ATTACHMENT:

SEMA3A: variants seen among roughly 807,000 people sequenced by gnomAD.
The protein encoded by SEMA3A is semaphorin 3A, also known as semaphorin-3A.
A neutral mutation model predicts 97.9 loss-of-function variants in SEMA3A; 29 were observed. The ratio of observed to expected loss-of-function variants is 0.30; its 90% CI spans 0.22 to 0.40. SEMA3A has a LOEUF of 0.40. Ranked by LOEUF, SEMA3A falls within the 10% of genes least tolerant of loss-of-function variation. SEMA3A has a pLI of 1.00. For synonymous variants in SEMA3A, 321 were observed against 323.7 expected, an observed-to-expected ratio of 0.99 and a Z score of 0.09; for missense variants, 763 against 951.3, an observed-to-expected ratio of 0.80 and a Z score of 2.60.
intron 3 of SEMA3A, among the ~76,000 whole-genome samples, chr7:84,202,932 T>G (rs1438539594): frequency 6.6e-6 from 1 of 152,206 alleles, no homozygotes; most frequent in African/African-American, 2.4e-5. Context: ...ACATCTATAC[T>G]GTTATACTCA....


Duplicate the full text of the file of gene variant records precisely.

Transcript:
SEMA3A: variants seen among roughly 807,000 people sequenced by gnomAD.
The protein encoded by SEMA3A is semaphorin 3A, also known as semaphorin-3A.
A neutral mutation model predicts 97.9 loss-of-function variants in SEMA3A; 29 were observed. The ratio of observed to expected loss-of-function variants is 0.30; its 90% CI spans 0.22 to 0.40. SEMA3A has a LOEUF of 0.40. Ranked by LOEUF, SEMA3A falls within the 10% of genes least tolerant of loss-of-function variation. SEMA3A has a pLI of 1.00. For synonymous variants in SEMA3A, 321 were observed against 323.7 expected, an observed-to-expected ratio of 0.99 and a Z score of 0.09; for missense variants, 763 against 951.3, an observed-to-expected ratio of 0.80 and a Z score of 2.60.
intron 3 of SEMA3A, among the ~76,000 whole-genome samples, chr7:84,202,932 T>G (rs1438539594): frequency 6.6e-6 from 1 of 152,206 alleles, no homozygotes; most frequent in African/African-American, 2.4e-5. Context: ...ACATCTATAC[T>G]GTTATACTCA....